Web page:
Britain’s competition watchdog has fined pharmaceutical companies Pfizer and Flynn £63 million and £6.7 million respectively for allegedly breaking competition law and illegally profiting from the sale of an anti-epilepsy drug.
The Competition and Markets Authority (CMA) found that the two companies colluded to sell phenytoin sodium capsules, previously known as Epanutin, at “unfairly high prices” for over four over years between 2012 and 2016.
The annual costs of the capsules for the NHS increased from £2 million in 2012 to approximately £50 million the following year.
CMA has accused Pfizer of charging, over four years, prices between 780 per cent and 1,600 per cent higher than what was fixed previously for the medicine used to prevent life-threatening epileptic seizures.
Pfizer supplied the drug to Flynn, which then sold the capsules on to wholesalers and pharmacies at a price between 2,300 per cent and 2,600 per cent higher than the prices previously charged by Pfizer.
CMA explained that Pfizer and Flynn first “de-branded” the drug which allowed them “to set prices at their discretion” as it was no longer subject to any price regulation.
The NHS had no choice but to pay the inflated final price because Pfizer and Flynn were the dominant suppliers of the drug in the UK market at the time.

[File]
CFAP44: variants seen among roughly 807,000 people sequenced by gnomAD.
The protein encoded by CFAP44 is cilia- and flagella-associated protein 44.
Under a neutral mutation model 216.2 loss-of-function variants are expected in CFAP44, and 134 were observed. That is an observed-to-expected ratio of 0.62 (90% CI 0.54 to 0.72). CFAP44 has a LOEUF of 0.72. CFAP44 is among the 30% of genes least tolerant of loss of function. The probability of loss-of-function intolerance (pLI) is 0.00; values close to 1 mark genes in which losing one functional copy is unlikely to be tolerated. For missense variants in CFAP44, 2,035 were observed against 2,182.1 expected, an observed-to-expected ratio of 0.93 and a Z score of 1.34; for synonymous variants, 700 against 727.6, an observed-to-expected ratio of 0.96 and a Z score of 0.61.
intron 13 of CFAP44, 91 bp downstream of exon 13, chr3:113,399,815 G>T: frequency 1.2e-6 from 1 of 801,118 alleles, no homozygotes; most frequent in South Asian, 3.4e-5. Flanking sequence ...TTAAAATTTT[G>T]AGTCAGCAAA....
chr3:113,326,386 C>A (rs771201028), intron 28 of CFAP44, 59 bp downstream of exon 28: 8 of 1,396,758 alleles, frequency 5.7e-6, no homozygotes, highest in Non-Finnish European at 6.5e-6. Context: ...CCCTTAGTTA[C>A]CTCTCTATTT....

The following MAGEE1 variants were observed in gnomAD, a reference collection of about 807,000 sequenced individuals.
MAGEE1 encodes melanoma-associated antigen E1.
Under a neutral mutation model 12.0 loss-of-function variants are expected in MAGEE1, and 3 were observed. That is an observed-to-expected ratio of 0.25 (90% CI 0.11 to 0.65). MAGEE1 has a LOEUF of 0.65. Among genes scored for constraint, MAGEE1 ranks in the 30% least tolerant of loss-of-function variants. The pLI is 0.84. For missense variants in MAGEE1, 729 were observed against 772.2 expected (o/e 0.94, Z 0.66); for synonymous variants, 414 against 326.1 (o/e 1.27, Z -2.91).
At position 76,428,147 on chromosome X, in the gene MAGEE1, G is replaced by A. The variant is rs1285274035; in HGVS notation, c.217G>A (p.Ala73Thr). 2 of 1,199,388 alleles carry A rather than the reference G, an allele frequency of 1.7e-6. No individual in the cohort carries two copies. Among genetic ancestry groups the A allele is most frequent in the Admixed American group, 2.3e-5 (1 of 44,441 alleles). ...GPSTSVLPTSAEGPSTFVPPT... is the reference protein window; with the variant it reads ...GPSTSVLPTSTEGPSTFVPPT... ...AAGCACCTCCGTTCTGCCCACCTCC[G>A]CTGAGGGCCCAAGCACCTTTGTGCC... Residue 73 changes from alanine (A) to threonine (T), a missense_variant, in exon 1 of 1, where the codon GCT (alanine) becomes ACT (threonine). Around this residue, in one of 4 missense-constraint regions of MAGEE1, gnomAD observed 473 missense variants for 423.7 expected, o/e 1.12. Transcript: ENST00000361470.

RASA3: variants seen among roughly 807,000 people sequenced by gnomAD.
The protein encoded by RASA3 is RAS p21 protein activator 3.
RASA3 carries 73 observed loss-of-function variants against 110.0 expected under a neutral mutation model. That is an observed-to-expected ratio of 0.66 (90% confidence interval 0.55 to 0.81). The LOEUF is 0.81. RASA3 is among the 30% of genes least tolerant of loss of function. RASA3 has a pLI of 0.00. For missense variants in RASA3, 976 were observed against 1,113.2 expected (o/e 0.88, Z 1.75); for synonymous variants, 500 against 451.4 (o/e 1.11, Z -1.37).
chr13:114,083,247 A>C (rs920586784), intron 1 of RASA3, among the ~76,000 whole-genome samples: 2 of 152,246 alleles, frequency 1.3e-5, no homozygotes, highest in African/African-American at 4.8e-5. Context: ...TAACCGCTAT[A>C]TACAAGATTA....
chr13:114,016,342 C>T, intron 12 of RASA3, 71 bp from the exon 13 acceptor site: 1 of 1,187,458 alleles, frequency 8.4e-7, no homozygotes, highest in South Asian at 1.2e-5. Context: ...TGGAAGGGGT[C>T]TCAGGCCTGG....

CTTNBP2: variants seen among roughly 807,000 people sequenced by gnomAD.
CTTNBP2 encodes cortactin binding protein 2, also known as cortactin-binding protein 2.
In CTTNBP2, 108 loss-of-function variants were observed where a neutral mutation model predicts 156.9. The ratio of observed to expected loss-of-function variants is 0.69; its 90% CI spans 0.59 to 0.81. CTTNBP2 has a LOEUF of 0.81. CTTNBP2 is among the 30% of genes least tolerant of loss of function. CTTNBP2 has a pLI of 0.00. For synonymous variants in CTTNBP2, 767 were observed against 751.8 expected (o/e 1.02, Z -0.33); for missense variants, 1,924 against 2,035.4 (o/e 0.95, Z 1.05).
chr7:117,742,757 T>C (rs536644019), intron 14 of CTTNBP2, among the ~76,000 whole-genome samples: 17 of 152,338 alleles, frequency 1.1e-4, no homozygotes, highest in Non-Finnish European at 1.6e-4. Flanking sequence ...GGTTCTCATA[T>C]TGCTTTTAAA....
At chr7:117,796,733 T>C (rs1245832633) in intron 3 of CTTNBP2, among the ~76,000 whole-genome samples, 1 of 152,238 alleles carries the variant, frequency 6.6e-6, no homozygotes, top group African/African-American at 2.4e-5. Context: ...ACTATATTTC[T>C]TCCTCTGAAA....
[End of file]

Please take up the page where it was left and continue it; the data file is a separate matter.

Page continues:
Andrea Coscelli, chief executive of the CMA, said: “Phenytoin is an essential drug relied on daily by thousands of people throughout the UK to prevent life-threatening epileptic seizures. These firms illegally exploited their dominant positions to charge the NHS excessive prices and make more money for themselves… Such behavior will not be tolerated, and the companies must now face the consequences of their illegal action.”
The CMA in 2016 had fined Pfizer and Flynn about £90 million for inflating prices for Epanutin by as much as 2,600 to 67.50 pounds for a 100mg pack before the companies won a 2018 appeal against the penalty.
The Competition Appeal Tribunal had referred the matter back to the CMA, which in August 2021 stuck to its view that the two firms broke the law.
Both Pfizer and Flynn Pharma said they intend to appeal the CMA decision.